Bangladesh was classified as a least developed country (LDC) by the United Nations, but will soon attain graduation from LDC Status on the basis of a UN assessment that found the country had made significant development progress. With a GDP per capita of 1602 US dollars (IMF, 2017) in 2017 Bangladesh has already joined the league of lower middle income countries (based on the World Bank’s definition). Since development cooperation began in the 1970s, Germany has provided government funding to the tune of approximately 2.6 billion euros for bilateral development projects in Bangladesh. On top of this, Germany is making available funding through multilateral institutions (the European Union, the Asian Development Bank and United Nations specialised agencies such as the World Bank, the International Labour Organization and the Food and Agriculture Organization). Private civil society organisations also receive public funding to implement development projects.

At the most recent intergovernmental negotiations in November 2018, Germany pledged funding worth a total of 285,3 million euros for bilateral projects in Bangladesh. 

It made an additional commitment of 83 million euros in 2017 to support renewable energies and energy efficiency. 


The Goethe-Institut (GI) in Bangladesh is the first stop for all those in the country who are interested in the German language and German culture. The Goethe-Institut in Dhaka was opened back in 1961, before Bangladesh gained independence. Its language courses continue to be very popular, with a total enrolment of approximately 1500 per year. The Goethe-Institut library offers German literature and information about history and politics. The rooftop café and the auditorium are meeting places and forums for young intellectuals, artists and representatives of civil society. The events organised by the Goethe-Institut range from exhibitions and musical and literary offerings to film festivals and DJ appearances. Since religious extremism flared up in Bangladesh, the Goethe-Institut has had to curtail its programme.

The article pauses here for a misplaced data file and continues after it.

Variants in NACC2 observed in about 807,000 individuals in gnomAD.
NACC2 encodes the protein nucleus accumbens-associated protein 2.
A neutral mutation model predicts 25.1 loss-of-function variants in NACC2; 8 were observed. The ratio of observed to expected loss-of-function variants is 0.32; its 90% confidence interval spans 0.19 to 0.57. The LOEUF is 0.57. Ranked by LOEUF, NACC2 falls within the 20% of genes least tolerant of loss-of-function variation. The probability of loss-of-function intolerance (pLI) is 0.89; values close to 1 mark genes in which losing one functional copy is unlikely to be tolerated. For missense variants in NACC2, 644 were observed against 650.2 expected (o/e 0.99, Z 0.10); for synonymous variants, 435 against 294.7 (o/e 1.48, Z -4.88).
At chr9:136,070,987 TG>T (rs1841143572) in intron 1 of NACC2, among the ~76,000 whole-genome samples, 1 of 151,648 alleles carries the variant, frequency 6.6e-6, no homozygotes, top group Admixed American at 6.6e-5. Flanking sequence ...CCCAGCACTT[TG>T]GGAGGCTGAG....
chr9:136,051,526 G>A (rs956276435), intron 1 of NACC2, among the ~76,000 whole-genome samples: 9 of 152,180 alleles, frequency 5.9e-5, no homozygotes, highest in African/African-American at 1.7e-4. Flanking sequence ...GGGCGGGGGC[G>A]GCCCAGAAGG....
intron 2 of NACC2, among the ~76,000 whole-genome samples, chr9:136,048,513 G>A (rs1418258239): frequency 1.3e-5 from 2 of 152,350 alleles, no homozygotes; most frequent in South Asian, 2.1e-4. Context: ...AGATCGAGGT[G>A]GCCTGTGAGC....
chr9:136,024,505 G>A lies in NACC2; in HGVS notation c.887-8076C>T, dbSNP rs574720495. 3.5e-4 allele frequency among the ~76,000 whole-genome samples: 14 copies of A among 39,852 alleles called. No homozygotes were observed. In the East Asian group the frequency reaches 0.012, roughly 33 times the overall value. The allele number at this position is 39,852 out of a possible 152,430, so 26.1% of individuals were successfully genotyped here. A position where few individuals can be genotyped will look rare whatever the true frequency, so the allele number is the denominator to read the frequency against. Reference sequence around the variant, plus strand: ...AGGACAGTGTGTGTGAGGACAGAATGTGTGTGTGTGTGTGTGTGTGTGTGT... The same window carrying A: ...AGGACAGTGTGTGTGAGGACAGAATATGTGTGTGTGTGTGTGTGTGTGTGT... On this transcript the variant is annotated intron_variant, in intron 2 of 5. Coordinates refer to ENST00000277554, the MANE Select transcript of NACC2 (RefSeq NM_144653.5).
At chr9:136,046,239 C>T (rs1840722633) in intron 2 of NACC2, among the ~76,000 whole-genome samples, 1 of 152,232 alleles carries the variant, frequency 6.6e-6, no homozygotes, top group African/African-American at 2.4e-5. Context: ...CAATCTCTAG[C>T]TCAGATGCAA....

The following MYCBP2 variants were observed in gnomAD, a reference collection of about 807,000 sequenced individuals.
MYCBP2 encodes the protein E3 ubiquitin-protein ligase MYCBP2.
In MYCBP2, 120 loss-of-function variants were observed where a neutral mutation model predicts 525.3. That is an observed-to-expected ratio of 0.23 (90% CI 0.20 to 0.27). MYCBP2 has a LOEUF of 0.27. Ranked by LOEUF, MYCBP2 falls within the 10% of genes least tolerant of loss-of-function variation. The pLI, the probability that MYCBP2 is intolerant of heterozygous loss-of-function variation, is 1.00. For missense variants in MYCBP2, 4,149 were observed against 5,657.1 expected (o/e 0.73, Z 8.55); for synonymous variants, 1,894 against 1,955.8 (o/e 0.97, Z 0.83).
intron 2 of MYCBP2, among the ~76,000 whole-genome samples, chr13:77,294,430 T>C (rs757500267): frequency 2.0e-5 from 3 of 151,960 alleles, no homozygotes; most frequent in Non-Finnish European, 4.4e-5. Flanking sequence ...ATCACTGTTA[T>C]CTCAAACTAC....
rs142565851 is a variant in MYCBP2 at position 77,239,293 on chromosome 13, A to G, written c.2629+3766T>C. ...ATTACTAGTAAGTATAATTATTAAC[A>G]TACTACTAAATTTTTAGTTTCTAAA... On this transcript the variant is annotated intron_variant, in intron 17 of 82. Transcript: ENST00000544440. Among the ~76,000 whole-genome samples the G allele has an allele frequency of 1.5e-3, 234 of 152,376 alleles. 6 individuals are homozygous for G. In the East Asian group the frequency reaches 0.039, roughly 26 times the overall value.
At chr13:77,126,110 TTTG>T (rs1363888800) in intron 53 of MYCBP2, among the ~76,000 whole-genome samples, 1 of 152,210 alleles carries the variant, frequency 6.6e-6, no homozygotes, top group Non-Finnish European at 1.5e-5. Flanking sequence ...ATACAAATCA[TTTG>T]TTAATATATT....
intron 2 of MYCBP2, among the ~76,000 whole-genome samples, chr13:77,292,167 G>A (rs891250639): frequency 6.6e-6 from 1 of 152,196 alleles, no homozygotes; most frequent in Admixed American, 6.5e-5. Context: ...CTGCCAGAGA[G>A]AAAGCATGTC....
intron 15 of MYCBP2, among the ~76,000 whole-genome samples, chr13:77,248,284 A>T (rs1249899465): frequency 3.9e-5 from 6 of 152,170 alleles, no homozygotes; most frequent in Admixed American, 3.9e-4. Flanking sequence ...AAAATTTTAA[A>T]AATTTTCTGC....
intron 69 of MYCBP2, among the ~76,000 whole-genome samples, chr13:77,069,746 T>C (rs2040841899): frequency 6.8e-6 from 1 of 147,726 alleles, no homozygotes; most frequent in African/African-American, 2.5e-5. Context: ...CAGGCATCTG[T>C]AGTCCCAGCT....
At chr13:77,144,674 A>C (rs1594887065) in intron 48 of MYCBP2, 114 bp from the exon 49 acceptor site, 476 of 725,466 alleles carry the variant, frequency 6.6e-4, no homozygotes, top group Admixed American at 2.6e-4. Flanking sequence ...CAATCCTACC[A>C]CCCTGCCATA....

Since January 2010, Bangladeshi teachers have been trained as German teachers under Germany’s Schools: Partners for the Future initiative (PASCH). German instruction has been integrated into the curricula at all five partner schools in Bangladesh and a large number of students have now had their proficiency in German certified.

To promote academic exchange between Germany and Bangladesh, the German Academic Exchange Service (DAAD), the Alexander von Humboldt Foundation and other organisations every year award numerous scholarships to Bangladeshi students and young scientists and academics. The DAAD Information Point in Dhaka provides advice on scholarships and studying in Germany. Many Bangladeshi scientists, academics and students have already received part of their training in Germany and more than 250 of them are members of alumni associations and users of the Alumniportal Deutschland network.

For several years now, there has been a steady increase in the number of Bangladeshi students and scientiests applying to study in Germany. Nearly 3000 Bangladeshi students are currently enrolled in German higher education institutions. 


This text is intended as a source of basic information. It is regularly updated. No liability can be accepted for the accuracy or completeness of its contents.

Additional content

Bangladesh is a partner country of German development cooperation. For more information please visit the website of the Federal Ministry for Economic Cooperation and Development

Related content


Top of page